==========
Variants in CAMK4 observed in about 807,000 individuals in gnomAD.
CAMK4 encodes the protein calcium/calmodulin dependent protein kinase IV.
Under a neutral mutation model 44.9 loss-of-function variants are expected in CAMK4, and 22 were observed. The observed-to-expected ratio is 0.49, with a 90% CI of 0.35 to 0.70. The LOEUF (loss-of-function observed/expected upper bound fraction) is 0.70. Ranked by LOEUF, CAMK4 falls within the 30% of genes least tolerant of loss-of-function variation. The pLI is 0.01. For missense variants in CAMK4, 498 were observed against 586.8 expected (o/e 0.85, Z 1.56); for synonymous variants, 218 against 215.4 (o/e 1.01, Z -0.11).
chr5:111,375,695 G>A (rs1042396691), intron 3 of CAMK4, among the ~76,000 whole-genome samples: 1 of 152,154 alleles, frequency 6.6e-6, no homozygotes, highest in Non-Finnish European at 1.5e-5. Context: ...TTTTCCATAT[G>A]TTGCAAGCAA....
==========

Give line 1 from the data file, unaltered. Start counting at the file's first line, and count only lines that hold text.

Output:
Variants in CAMK4 observed in about 807,000 individuals in gnomAD.